The Glory behind the Story of ImageIN THE DESERT

After the death of our dad, my mom, sisters and I were drained. Losing someone who brought so much life — my dad was fun, fun-loving, adventurous, always moving, never still — was hard, and so were the adjustments we now had to make.

For me, my dad’s passing began a season of several losses. My life began changing in ways I had not expected, and I couldn’t seem to stop them from happening. I wanted life to stay the way it had always been; to stand still, at least for a moment, while I got my bearings! I found myself scrambling. I was trying to find what my direction now was. If only I could understand what was happening …

I have a bad habit of always looking back, as if I can change what has already passed. And, during this time of losses, I was obsessively looking back to a time before they had begun. But this view of the past was distorted, not quite in focus; the colors blended together in a swirl as if I were looking through a bowl of water. I wanted to reach out and grab the pictures, but the water just rippled the images away from my grasp and they were gone.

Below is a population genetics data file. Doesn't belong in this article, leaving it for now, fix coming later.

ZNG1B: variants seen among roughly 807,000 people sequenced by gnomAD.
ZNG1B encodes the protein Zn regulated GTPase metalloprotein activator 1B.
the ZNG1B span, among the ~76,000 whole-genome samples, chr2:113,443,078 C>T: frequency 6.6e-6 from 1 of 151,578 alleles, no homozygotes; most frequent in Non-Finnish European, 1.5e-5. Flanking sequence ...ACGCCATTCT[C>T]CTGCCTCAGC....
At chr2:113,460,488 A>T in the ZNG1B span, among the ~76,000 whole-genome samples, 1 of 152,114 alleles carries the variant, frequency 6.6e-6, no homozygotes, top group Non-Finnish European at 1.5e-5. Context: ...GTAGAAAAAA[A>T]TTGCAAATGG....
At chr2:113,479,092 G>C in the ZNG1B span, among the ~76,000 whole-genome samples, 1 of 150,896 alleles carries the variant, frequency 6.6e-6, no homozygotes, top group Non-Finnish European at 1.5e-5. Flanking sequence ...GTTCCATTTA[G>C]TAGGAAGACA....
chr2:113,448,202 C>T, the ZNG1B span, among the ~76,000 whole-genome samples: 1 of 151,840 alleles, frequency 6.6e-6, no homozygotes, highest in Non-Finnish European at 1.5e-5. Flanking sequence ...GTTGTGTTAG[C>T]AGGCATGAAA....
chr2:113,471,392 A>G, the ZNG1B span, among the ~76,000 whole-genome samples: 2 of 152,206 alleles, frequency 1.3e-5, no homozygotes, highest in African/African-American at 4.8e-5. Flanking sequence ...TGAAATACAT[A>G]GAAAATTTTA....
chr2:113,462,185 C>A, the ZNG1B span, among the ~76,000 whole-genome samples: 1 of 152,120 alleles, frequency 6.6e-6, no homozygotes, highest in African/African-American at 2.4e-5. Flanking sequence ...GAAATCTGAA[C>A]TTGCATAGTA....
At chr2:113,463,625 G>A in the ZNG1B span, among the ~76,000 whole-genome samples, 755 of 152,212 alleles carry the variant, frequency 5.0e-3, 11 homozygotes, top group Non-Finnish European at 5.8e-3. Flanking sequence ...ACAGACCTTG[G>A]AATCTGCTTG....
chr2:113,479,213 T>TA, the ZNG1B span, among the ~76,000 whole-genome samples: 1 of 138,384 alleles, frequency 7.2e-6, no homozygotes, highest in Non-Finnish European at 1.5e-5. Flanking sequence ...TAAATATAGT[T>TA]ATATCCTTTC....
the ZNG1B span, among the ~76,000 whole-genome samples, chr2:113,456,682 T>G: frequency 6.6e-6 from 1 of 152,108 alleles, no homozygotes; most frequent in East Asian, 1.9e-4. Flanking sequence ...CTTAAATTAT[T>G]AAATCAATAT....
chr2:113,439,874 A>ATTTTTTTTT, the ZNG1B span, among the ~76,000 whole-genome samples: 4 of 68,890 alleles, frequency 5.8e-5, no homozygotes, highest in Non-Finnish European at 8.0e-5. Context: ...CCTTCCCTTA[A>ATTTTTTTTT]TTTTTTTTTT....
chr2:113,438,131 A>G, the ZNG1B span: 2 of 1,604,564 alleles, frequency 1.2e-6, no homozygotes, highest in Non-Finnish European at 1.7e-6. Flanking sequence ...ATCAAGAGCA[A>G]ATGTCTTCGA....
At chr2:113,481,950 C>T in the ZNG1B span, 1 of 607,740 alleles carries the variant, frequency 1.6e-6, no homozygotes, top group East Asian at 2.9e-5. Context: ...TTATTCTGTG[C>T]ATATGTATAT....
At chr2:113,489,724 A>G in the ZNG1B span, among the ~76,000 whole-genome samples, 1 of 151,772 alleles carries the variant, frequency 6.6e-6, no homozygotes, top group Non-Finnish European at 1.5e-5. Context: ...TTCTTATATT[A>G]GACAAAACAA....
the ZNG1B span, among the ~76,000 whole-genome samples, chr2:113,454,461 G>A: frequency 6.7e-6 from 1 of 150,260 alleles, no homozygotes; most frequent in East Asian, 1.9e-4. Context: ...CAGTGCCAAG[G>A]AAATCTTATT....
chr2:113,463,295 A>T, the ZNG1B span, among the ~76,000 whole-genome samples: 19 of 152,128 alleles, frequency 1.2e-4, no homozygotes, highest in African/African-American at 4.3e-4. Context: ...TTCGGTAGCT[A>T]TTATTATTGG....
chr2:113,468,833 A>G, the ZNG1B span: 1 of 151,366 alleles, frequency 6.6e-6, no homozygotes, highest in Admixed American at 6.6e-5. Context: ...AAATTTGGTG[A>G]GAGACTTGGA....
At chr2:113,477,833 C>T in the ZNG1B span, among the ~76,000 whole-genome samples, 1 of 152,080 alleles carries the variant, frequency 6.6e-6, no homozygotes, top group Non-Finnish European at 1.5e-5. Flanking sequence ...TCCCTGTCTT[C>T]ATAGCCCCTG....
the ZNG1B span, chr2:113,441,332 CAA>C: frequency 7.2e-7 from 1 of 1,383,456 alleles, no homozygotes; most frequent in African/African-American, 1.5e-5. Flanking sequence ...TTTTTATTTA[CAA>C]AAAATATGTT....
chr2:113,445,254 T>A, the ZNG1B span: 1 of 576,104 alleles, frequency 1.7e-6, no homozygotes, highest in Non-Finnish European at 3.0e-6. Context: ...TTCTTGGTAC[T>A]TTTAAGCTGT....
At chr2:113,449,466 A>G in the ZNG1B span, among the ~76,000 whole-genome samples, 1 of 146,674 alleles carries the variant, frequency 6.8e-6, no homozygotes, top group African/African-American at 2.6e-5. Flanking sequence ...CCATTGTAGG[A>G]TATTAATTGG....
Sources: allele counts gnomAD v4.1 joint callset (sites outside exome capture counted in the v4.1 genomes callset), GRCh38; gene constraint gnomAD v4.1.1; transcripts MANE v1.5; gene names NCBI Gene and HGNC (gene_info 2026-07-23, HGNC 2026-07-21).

I remember thinking that God was moving and He wanted me to move also — to cross over to some other side. But I really had no idea what this meant. Not feeling particularly adventurous, I didn’t want any more changes — I felt alone. I was waiting. During this time, a scripture kept showing itself to me:

Arise, shine for thy light has come — Isaiah 60:1

I struggled to arise and shine, but nothing I did worked. And the more I struggled, the more trouble I created for myself and others.

The answer, which took me years to discover, was not to struggle, but to surrender. Let go. Let go and let God. I thought about that. Surrender. Surrender to grieving the loss of my dad, surrender to the changes in my family, to the changes in my life. I had resisted doing that … because I had been waiting, waiting to get back my old life, not realizing that it was just ripples in the water. So now I know —

And I am making peace with where I am. This took traveling through the dry desert to get to this place of acceptance — it came in time, not over-night. And, I find that joy, happiness, and laughter are here, too. The season of losses has shifted my life; my life, now, is in adjusting to this shift. And it’s all going to be ok —






In The Desert, Waiting on You